civil war


“Civil War” as seen circa 1990.

When I was about ten I saw a movie about the Donner Party on the PBS show American Experience. A hauntingly narrated story about being lost on a mountain and resorting what you would have though impossible, it was told with photographs and letters. No actors, no special effects. Just shots of beautiful country with the words of people who suffered there read aloud. This, I would learn, was the method of one Ken Burns. He’s made movies about all kinds of things and most people in the States have been put to watch at least some of his work (although it might have been in a history classroom). Living in Canada now, these letters and stories have returned in my imagination. Not only do people here not know who Burns is, they often don’t have tangible understanding of some of my favorite things about good, old ‘MeriKa.

Maybe it was all that public television (read: cannibalism-documentary-viewing) at a young age but I’ve maintained a keen interest in what most will shirk away from (favorite photographer, favorite movie to watch at Christmas, I could go on…). Here the worst thing you’ll hear on the news is, well, I can’t even think of anything that I’ve been really upset by lately. So maybe it’s that. Whatever started it, I now stand by a tradition of watching 1990s “The Civil War” start to finish every year at about this time of year.

Last night I finished episode 5, “The Universe of Battle.” Here’s a clip from the discussion of Gettysburg. By now Grant is leading the charge and progress has been made against the unknowable Lee and the southern Confederates. Sherman has yet to march to the sea and Lincoln’s fate us yet unforeseen.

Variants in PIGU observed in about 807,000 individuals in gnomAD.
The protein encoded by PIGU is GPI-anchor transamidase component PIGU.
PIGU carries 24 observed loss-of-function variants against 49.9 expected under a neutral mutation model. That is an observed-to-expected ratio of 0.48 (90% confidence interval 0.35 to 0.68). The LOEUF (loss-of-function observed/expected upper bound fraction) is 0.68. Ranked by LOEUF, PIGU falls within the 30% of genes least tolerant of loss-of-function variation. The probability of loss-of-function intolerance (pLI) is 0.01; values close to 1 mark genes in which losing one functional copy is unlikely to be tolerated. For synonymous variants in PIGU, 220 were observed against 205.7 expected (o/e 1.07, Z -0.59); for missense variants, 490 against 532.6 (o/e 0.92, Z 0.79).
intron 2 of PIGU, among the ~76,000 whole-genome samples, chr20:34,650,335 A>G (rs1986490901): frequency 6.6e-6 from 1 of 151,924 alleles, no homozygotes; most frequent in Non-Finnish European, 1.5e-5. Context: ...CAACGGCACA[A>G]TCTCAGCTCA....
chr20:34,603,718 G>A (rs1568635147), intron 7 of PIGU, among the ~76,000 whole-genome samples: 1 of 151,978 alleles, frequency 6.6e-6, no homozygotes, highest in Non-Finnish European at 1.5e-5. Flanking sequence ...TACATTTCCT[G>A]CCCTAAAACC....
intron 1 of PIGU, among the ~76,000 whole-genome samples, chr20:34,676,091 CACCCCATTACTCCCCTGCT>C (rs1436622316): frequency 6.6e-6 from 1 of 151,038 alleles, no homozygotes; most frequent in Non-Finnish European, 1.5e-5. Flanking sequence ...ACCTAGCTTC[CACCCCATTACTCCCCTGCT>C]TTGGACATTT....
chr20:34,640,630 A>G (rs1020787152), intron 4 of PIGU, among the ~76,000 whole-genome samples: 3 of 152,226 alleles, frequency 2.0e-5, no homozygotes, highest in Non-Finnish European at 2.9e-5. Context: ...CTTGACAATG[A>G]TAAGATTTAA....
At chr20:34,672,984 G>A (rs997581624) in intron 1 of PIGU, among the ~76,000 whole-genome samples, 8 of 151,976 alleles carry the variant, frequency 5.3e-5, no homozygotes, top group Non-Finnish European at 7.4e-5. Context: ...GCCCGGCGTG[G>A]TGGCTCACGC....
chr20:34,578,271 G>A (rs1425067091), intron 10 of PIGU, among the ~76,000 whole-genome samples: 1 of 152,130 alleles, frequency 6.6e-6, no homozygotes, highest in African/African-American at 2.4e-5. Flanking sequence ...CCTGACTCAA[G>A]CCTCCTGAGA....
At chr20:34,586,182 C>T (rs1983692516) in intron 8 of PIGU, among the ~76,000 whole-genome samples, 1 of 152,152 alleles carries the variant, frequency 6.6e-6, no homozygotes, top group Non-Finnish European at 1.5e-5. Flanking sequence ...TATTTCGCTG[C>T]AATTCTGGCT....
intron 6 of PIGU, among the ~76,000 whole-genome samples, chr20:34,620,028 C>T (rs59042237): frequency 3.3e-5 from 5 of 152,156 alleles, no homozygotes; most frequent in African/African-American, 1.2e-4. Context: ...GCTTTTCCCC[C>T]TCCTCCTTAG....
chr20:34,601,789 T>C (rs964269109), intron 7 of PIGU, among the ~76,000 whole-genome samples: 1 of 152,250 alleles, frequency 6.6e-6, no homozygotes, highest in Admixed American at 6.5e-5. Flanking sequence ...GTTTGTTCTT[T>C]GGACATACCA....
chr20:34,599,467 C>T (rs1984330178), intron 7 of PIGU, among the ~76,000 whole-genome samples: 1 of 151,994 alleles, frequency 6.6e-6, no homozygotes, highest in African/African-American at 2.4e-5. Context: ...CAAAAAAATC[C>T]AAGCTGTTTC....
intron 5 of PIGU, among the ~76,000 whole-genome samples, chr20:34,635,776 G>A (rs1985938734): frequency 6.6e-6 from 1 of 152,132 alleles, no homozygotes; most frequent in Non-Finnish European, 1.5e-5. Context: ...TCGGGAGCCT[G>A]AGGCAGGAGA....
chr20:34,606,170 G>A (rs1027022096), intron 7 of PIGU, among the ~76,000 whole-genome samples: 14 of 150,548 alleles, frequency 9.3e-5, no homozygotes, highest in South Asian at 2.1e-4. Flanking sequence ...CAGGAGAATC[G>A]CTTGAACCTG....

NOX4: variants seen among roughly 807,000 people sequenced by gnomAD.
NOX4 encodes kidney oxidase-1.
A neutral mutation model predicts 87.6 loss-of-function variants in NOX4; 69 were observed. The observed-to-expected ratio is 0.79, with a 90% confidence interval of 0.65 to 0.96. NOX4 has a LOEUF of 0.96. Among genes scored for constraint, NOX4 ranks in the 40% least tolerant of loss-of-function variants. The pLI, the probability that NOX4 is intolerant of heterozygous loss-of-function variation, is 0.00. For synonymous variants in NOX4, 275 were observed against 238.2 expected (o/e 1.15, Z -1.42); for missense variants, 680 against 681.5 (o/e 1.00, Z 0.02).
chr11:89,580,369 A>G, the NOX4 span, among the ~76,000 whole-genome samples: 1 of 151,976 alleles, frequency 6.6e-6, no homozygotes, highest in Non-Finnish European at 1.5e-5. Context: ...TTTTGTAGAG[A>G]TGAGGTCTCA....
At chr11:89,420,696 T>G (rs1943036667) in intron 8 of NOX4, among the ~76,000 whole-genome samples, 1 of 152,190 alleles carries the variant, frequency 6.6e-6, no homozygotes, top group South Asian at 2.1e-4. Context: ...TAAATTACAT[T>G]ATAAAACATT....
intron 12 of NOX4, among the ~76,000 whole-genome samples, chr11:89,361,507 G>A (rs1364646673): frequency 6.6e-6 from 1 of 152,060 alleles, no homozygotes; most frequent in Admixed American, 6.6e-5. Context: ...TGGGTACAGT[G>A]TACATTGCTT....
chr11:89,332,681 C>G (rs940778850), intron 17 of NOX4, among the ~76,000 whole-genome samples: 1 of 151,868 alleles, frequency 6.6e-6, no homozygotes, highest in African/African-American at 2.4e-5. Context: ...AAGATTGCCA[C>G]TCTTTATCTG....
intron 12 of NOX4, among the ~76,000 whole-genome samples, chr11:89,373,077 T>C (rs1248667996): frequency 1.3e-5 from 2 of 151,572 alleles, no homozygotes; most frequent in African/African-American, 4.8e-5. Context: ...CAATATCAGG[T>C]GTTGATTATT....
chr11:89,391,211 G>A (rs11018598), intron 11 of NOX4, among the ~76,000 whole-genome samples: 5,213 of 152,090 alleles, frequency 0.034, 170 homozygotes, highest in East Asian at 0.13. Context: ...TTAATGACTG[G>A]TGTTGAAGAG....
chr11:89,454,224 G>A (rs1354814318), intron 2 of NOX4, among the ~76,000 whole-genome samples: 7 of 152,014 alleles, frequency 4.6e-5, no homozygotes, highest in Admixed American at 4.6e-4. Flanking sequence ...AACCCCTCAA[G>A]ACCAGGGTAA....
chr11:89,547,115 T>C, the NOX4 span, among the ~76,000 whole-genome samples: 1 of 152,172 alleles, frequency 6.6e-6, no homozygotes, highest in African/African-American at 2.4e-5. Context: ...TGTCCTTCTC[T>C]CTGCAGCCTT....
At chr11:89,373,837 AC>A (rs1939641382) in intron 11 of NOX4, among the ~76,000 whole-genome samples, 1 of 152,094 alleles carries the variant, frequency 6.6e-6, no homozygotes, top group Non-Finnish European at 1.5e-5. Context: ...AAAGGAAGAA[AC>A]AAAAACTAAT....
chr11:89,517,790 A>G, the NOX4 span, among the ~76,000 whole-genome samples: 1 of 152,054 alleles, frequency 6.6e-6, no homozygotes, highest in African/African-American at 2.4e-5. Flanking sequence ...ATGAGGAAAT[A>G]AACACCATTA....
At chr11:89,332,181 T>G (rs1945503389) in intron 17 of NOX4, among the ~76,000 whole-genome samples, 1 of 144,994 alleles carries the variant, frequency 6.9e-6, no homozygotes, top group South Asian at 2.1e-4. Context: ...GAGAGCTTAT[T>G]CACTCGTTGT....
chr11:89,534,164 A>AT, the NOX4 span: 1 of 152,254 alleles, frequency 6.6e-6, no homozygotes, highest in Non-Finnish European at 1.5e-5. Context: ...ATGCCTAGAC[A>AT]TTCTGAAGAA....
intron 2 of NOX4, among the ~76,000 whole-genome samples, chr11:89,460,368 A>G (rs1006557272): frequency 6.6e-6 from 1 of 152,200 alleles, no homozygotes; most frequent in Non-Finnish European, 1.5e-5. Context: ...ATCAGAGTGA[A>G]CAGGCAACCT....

After three years of this you might think I’d be as good as a war historian, but each time I’m picking up something new. It’s a chronological film, but there’s more than ten hours of it and, just like for the rest of us, hindsight in 1863 was 20/20; seeing the end first helps shape an understanding of the beginning. Plus there’s a good bit of commentary from one my my favorite Americans, Mr. Shelby Foote to whom I will never grow tired of listening.

This is strictly a weekend evening adventure so I’ll have a the rest of the month to go. There is, after all, no need and no good to come from rushing a chance to feel connected to a place you knew and a people you were.

three confederates

Three Confederates. Foote describes them as a picture of the soul of the South. Especially the one on the right with his arms spiritedly tucked into suspenders brazenly posing even after being captured by the Union.

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